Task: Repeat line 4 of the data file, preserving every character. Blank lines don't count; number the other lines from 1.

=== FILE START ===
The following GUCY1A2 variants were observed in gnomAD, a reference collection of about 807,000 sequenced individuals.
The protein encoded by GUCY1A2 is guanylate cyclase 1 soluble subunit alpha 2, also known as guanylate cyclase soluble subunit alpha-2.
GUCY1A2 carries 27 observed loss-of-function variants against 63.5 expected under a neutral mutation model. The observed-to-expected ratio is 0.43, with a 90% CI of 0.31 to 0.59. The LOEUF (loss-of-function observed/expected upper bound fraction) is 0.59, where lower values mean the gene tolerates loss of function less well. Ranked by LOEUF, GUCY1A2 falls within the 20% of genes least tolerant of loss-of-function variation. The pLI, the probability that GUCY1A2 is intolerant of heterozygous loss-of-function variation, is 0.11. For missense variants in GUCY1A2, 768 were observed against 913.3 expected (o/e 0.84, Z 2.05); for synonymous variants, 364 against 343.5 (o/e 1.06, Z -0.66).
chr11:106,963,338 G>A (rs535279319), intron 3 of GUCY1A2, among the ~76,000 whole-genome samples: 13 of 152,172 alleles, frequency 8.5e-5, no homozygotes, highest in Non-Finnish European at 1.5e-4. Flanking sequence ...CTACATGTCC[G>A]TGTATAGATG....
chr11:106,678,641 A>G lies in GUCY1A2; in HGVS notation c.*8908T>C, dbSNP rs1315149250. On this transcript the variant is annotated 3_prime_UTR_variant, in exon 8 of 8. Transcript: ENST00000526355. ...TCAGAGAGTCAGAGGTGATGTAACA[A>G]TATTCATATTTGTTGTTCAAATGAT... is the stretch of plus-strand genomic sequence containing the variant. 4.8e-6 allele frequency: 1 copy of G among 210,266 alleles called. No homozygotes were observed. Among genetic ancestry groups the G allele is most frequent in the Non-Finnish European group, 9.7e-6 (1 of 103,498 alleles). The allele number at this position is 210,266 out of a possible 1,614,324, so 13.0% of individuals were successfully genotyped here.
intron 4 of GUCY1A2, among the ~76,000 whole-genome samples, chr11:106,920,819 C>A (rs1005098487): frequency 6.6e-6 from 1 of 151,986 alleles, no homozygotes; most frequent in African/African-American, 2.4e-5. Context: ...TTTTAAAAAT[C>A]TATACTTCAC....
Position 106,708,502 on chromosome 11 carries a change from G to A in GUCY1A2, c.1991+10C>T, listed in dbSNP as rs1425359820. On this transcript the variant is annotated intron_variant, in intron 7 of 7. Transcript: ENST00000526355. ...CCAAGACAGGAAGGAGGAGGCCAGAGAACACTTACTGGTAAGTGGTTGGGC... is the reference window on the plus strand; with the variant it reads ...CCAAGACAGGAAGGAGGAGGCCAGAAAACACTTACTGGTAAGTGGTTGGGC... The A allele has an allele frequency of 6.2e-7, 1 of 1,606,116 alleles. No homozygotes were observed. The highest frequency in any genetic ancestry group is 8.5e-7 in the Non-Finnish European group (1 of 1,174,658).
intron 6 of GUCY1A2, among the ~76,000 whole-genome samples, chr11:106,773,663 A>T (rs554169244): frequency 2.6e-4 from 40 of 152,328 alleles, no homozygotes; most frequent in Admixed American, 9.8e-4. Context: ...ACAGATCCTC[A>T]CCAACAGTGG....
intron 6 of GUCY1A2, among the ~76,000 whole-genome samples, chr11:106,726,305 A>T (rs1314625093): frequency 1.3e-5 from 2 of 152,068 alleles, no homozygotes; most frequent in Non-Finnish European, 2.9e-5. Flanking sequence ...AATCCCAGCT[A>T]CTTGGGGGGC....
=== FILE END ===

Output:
chr11:106,963,338 G>A (rs535279319), intron 3 of GUCY1A2, among the ~76,000 whole-genome samples: 13 of 152,172 alleles, frequency 8.5e-5, no homozygotes, highest in Non-Finnish European at 1.5e-4. Flanking sequence ...CTACATGTCC[G>A]TGTATAGATG....